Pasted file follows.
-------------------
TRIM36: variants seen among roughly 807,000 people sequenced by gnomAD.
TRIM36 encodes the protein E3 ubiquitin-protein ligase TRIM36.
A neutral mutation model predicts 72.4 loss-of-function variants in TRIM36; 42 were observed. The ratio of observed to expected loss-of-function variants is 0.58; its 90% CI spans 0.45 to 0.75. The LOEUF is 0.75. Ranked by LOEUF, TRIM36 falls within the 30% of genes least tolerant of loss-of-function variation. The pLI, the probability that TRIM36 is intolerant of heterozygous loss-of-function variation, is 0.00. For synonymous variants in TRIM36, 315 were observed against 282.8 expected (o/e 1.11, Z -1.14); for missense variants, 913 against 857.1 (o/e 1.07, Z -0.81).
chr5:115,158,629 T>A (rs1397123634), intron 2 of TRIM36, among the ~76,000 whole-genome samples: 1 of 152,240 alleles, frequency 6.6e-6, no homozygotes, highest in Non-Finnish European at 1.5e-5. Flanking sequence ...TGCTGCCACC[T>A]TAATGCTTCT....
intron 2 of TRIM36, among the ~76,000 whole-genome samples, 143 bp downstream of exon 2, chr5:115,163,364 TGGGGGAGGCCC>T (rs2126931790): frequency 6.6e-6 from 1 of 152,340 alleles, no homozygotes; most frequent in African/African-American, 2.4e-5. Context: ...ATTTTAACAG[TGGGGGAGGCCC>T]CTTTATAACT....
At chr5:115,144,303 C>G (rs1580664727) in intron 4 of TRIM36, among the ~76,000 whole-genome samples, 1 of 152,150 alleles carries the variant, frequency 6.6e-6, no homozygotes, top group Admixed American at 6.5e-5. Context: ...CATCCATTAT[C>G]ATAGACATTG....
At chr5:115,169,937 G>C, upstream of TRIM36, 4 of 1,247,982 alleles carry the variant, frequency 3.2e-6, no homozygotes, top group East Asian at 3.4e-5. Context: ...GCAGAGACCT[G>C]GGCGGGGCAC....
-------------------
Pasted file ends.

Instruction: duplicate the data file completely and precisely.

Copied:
TRIM36: variants seen among roughly 807,000 people sequenced by gnomAD.
TRIM36 encodes the protein E3 ubiquitin-protein ligase TRIM36.
A neutral mutation model predicts 72.4 loss-of-function variants in TRIM36; 42 were observed. The ratio of observed to expected loss-of-function variants is 0.58; its 90% CI spans 0.45 to 0.75. The LOEUF is 0.75. Ranked by LOEUF, TRIM36 falls within the 30% of genes least tolerant of loss-of-function variation. The pLI, the probability that TRIM36 is intolerant of heterozygous loss-of-function variation, is 0.00. For synonymous variants in TRIM36, 315 were observed against 282.8 expected (o/e 1.11, Z -1.14); for missense variants, 913 against 857.1 (o/e 1.07, Z -0.81).
chr5:115,158,629 T>A (rs1397123634), intron 2 of TRIM36, among the ~76,000 whole-genome samples: 1 of 152,240 alleles, frequency 6.6e-6, no homozygotes, highest in Non-Finnish European at 1.5e-5. Flanking sequence ...TGCTGCCACC[T>A]TAATGCTTCT....
intron 2 of TRIM36, among the ~76,000 whole-genome samples, 143 bp downstream of exon 2, chr5:115,163,364 TGGGGGAGGCCC>T (rs2126931790): frequency 6.6e-6 from 1 of 152,340 alleles, no homozygotes; most frequent in African/African-American, 2.4e-5. Context: ...ATTTTAACAG[TGGGGGAGGCCC>T]CTTTATAACT....
At chr5:115,144,303 C>G (rs1580664727) in intron 4 of TRIM36, among the ~76,000 whole-genome samples, 1 of 152,150 alleles carries the variant, frequency 6.6e-6, no homozygotes, top group Admixed American at 6.5e-5. Context: ...CATCCATTAT[C>G]ATAGACATTG....
At chr5:115,169,937 G>C, upstream of TRIM36, 4 of 1,247,982 alleles carry the variant, frequency 3.2e-6, no homozygotes, top group East Asian at 3.4e-5. Context: ...GCAGAGACCT[G>C]GGCGGGGCAC....